3. Now that the chilli jam is made its time for the easy bit, making the stir-fry. In a hot wok heat a little of the excess oil from deep-frying (this can be kept as fragrant oil to cook with in the future). Throw in the chicken and wok until browned and hot throughout. Next throw in the green beans and morning glory and toss in the juices, then add the chicken stock. Once hot, add a heaped tablespoon of the fried chilli jam and toss – once combined, this will create a thick, flavoursome sauce that coats the stir-fry. Finish by adding the caster sugar and white pepper, then remove from the heat.
  4. Now for the cold ingredients. Toss through the basil, coriander and fresh red chilli and place on a plate. Finally garnish with the green mango, a little deep-fried shallot and garlic, then enjoy.

Smooth Stir-Fried Chicken, Chilli jam and Green Mango Hot/Cold SaladThanks very much for stopping by at Articuleat and I hope you have enjoyed your stay. I always look forward to your feedback so please don’t hesitate to get in touch for any reason whatsoever – I will reply as swiftly as possible.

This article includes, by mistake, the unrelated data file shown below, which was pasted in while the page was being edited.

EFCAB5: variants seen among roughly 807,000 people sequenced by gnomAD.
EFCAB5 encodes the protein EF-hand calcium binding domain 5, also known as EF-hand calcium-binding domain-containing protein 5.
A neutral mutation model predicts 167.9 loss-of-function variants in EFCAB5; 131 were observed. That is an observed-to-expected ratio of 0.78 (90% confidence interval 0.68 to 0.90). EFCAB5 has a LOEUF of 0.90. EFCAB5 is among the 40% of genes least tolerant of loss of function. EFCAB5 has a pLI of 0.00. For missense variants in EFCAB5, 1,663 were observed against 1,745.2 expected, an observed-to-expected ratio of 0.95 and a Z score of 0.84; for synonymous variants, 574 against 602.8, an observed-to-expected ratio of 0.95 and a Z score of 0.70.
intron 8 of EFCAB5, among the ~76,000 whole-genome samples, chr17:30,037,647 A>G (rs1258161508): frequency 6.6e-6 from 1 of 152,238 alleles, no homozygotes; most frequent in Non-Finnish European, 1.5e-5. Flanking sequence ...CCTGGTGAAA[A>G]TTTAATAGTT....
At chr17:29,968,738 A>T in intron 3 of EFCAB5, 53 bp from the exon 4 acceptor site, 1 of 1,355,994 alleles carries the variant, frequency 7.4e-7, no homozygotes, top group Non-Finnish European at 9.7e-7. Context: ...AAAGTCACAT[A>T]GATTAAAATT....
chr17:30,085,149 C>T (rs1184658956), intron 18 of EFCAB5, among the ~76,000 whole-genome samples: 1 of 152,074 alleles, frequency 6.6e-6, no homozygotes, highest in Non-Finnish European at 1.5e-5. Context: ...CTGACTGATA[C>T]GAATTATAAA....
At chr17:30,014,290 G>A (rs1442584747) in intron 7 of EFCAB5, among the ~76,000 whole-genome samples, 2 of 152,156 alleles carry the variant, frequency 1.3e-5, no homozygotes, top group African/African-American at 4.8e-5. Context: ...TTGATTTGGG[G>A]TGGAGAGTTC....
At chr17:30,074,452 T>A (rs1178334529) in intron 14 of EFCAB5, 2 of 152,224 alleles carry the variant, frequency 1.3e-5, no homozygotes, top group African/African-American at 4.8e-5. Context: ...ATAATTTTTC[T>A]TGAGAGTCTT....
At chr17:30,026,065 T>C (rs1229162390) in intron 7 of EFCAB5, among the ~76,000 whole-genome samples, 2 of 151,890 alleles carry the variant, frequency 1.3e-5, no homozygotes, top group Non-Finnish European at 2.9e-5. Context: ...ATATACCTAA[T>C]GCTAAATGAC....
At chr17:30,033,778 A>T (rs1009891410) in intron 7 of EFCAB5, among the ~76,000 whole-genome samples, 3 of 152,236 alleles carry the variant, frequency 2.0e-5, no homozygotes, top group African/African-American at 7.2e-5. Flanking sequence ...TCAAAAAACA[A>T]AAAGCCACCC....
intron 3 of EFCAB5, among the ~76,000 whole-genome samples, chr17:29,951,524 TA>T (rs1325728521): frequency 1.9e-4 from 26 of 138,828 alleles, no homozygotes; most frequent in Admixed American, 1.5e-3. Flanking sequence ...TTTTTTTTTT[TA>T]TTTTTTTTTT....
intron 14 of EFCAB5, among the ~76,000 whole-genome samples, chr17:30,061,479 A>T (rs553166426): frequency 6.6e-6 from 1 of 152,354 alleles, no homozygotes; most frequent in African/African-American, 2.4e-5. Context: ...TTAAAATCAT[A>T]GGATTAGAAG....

See you next time,

Eat Well,

Sebbyholmes

Thai Infused Sticky Pork Ribs with Lime & Coriander

Thai Infused Sticky Pork Ribs with Lime & CorianderIf I was told that the world will end tomorrow I would have one thing on my mind, “shit! What am I going to eat for dinner?” One of the ingredients racing through my mind that had to be eaten one more time would be sticky pork ribs. Pork being the most widely eaten meat in the world, I’m sure that I’m not alone in thinking this recipe is worthy of a last supper.

I happened to have a little spare kecap manis (Indonesian sweet soy) leftover from a previous recipe, so I used it as a base for my rib marinade. Lemongrass, fresh chillies, white peppercorns and kaffir lime leaf all come together to make this marinade a Thai sensation.  The inclusion of all these typically Thai ingredients gives the rib meat a flavour balance consisting of sweet, salty and hot that is to die for – if you are anything like me and my flat mate you will keep eating until it hurts.